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As a new strain of coronavirus (COVID-19) swept through the world in 2020, preparedness plans, masking policies and more public policy changed just as quickly. WVXU has covered the pandemic's impact on the Tri-State from the very beginning, when on March 3, 2020, Ohio Gov. Mike DeWine barred spectators from attending the Arnold Sports Festival in Columbus over concerns about the virus, even though Ohio had yet to confirm a single case of COVID-19.

Local Hospitals Warn COVID Case Numbers Are Doubling

City of Cincinnati/Cincinnati Fire Department
Temporary facilities set up at the Duke Energy Convention Center in April. Doctors are warning it may need to be reopened if things don't turn around.

Hamilton County hospital officials are worried about the rise in COVID-19 patients. The number of new cases is currently doubling every two weeks. Dr. Evaline Alessandrini with UC Health says right now, there are 250 people hospitalized in the region, the most ever.

"I know that lots of people get COVID and they recover. However, lots of people get COVID and they land in the hospital. This is the part that's concerning for us," Alessandrini says currently, 65 patients are in intensive care.

"We don't want to have our hospitals so full that we're not able to care for any one of our citizens."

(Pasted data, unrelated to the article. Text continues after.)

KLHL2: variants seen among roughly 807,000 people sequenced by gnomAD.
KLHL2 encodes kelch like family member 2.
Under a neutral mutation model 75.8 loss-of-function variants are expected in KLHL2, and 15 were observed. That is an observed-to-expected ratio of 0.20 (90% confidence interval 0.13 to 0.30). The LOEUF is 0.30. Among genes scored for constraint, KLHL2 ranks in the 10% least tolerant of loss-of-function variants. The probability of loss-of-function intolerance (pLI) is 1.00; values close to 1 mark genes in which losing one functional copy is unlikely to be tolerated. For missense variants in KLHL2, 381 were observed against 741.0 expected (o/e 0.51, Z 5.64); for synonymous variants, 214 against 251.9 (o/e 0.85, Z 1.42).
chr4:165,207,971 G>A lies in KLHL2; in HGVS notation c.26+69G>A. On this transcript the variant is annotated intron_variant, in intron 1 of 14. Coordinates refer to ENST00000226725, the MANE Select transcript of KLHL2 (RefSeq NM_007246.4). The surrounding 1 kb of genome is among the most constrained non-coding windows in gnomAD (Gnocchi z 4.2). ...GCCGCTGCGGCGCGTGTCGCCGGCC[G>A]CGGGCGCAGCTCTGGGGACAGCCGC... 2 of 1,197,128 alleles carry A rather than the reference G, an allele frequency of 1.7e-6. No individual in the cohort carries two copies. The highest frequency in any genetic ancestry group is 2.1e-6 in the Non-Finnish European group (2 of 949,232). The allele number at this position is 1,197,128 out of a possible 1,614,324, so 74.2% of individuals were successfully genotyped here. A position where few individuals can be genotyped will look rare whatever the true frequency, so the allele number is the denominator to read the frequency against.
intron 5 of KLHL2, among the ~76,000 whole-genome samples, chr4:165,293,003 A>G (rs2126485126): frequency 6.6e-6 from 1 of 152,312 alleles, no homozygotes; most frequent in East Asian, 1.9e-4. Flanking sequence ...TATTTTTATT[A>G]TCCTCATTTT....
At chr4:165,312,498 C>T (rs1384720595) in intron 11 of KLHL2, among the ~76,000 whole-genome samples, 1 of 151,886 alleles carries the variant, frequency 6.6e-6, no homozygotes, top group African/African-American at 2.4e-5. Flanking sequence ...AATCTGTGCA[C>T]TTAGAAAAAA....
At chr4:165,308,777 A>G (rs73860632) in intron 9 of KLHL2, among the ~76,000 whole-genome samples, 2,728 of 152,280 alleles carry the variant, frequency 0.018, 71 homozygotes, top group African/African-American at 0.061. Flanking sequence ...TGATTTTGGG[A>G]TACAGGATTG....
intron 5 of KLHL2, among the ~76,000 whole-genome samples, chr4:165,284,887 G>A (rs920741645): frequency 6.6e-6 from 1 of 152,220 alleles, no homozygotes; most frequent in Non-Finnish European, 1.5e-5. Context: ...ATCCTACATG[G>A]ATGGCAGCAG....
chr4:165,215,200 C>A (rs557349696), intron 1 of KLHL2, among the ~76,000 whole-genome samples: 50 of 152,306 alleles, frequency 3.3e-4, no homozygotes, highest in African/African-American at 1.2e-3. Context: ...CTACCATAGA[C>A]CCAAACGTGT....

She says local hospitals don't want to have to stop performing elective surgeries and other procedures, as was done at the beginning of the pandemic.

Dr. Steve Davis of Cincinnati Children's Hospital says local health officials are watching the numbers to see if the Duke Energy Convention Center needs to be reopened as temporary hospital.

"We don't want to open it unnecessarily. It's not a place where we really want to put patients. If we need to, we are prepared to," he says. "The challenge is that if the doubling time of the virus is two weeks, and it takes 10 days to get the Duke Center ready, then we actually have to be prepared well before."

Davis says there's still time to turn things around, but only if people follow the established guidelines of mask wearing, hand washing, and social distancing.

Alessandrini says care at a temporary facility is not the same as in a hospital. "We don't want to go there, but if we need to we will, and we will do the best that we can to make it safe."

In early April, members of the Ohio National Guard met with local officials to draw up plans for a field hospital at the convention center. It was at first designed to hold up to 500 patients and closed in mid-May without being utilized.

Wisconsin opened a facility at the state fairgrounds last week to handle overflow from hospitals near Milwaukee.

Bill Rinehart started his radio career as a disc jockey in 1990. In 1994, he made the jump into journalism and has been reporting and delivering news on the radio ever since.